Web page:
Misguided article. It’s not about how big the data is or how good the algorithms fed data are but about where it comes from and what value it contains. Data is best coming from the individual as that’s the only source of context and understanding. Big data is a red herring, customer enhanced and shared data is the real deal. Unfortunately, that’s not on the horizon any time soon… first of all, the organisations getting excited about big data would need to free their customers’ data. And that’s going to be hard work.
“What are we to conclude from these three areas — all of them problems with fine, highly motivated minds focused on them? To me, they suggest that the randomness inherent in human behavior is the limiting factor to consumer modeling success. Marginal gains can perhaps be made thanks to big data, but breakthroughs will be elusive as long as human behavior remains inconsistent, impulsive, dynamic, and subtle.”
In other words, it takes two to tango.
A couple of things have happened in the last few years, which have made me realise I’m rapidly turning into an “Old Fart”, having seen them come around before; the first of these is touch interfaces (to which I say “if you don’t remember the ergonomics issues with lightpens in the ’70s and ‘gorilla arm’, look them up before putting touchscreens on laptops or other things less readily adjustable than tablets”), and the second is Big Data.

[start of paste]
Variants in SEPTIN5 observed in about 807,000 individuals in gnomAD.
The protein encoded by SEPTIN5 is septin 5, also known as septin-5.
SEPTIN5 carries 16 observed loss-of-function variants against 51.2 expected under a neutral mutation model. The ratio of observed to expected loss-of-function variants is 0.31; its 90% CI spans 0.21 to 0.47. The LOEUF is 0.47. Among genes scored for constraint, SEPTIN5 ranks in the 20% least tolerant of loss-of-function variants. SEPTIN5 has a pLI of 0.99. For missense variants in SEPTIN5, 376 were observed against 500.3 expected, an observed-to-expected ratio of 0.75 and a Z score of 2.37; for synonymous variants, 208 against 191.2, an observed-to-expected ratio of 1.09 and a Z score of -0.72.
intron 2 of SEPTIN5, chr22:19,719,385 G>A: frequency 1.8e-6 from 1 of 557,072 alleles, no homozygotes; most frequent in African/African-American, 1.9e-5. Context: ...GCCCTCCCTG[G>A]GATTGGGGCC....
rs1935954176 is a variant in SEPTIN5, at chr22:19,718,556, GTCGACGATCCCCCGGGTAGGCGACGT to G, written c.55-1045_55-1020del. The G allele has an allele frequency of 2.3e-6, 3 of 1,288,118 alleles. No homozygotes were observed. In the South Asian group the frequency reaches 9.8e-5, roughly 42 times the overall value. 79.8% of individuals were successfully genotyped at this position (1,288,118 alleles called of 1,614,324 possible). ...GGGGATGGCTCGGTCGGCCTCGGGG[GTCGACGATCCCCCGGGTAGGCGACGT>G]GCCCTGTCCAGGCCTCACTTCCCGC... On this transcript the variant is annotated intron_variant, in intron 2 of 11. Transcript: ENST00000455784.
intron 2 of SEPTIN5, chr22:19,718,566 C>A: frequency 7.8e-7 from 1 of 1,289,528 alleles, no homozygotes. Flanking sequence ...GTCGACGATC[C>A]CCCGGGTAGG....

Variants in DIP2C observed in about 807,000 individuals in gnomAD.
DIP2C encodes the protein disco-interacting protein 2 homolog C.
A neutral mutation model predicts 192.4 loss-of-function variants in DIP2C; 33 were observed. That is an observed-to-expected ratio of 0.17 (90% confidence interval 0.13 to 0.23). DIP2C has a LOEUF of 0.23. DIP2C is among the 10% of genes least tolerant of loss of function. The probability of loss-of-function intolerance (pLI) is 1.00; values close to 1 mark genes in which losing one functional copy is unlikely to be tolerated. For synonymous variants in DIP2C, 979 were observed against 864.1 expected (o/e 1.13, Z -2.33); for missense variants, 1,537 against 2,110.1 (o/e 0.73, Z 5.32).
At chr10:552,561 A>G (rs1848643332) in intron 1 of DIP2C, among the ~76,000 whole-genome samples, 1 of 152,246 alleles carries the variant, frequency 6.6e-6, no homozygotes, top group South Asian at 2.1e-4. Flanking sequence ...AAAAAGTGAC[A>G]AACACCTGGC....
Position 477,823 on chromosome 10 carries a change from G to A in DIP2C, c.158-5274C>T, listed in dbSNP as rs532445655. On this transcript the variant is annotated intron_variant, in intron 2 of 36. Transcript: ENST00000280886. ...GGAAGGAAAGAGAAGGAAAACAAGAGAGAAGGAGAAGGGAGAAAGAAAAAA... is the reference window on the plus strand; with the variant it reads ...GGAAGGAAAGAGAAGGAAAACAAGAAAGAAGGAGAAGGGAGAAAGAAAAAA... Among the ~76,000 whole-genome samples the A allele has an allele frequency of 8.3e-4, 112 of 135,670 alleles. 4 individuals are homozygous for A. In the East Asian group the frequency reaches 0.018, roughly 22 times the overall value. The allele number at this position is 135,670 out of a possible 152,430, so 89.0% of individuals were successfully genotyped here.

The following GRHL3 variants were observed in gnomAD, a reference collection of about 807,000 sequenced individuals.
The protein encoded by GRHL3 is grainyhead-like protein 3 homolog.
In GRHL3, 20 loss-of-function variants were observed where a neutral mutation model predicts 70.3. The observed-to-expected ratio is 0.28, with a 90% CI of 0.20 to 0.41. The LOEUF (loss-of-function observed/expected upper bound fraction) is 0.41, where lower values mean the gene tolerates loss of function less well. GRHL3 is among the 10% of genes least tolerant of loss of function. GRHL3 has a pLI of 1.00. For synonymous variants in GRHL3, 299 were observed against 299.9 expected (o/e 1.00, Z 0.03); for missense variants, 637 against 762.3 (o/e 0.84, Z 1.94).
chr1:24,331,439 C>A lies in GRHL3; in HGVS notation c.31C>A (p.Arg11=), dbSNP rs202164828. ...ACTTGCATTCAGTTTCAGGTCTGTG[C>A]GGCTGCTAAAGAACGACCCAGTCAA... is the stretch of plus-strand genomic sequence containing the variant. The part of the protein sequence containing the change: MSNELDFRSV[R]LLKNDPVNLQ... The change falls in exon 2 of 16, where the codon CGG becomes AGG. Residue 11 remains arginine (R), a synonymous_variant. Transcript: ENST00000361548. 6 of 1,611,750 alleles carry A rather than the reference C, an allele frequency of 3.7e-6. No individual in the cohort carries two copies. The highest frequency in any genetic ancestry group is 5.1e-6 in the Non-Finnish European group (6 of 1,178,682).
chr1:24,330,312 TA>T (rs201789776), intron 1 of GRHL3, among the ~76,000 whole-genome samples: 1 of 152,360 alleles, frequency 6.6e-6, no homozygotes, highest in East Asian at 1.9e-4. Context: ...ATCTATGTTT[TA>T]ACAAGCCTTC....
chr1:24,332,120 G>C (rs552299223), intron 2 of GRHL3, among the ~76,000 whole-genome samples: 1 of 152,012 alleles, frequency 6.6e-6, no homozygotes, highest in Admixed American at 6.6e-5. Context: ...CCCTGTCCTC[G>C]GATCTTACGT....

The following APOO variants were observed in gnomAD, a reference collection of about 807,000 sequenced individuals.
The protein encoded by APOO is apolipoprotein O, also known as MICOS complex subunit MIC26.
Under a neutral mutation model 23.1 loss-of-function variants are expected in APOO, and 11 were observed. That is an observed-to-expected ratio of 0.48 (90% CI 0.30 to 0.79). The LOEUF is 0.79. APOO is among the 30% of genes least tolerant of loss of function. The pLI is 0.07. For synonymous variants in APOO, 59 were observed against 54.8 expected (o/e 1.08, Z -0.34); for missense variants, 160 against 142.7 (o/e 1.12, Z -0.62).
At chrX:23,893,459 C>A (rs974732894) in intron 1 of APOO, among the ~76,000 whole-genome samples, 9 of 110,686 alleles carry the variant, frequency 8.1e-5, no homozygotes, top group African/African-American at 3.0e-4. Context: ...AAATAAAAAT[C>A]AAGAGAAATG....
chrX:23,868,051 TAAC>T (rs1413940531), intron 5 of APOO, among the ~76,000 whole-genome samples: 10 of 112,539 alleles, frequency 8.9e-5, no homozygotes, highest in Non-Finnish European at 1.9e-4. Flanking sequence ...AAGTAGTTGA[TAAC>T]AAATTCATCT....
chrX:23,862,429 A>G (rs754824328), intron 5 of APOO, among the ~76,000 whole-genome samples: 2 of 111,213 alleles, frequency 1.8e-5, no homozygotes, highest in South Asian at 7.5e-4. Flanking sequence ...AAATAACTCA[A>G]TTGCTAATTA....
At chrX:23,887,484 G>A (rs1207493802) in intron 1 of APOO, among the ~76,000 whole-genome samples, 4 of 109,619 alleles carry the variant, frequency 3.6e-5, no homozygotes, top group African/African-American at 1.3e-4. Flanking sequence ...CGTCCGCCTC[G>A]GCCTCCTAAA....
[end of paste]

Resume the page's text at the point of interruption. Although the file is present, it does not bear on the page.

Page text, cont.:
While it wasn’t called “Big Data” back then, I can’t help but think of AI research in the ’80s involving neural networks and pattern matching in image recognition. The problem with neural networks was that – except possibly for those built on Adaptive Resonance Theory – you couldn’t “lift the lid” during the training phase to examine or modify what it was that they were actually learning how to do. Therefore, you ended up with neural networks which were supposed to be able to identify a target from a photograph of a tank concealed in a wood, but which ended up ignoring the tank entirely, and being very good at distinguishing between different kinds of tree.
So, applying a similarly jaded and cynical view of Big Data, thoughts like these arise:
* data mining to identify patterns. Are the patterns really there, once both random and systematic errors in data gathering and measurement are taken into account? Are the patterns likely to be down to sample size (you can still get reduction to mean in large samples, for example)? Is the data sufficiently unbiased, that patters derived from it could be generalised (and if so, how far could the generalisation be done)? Do the patterns “make sense” (while working back from a set of correlated but not obviously-related effects to a mutual cause is a highly fraught and speculative exercise, would the result of such an exercise be realistic)?
* data reduction (MapReduce, etc). Can you be sure that the data being removed is truly insignificant?
Nigel Shadbolt and Michael Chui estimate that the annual value of open data could reach $3 trillion. – Project Syndicate I wonder if the next big threat to personal data privacy comes from Open [...] […]
Social Business: Flat or Hierarchical? A Surprising Answer | MIT Sloan Management Review if this kind of thinking is what social media in business has come to, it’s a pretty sad state of affairs. [...] […]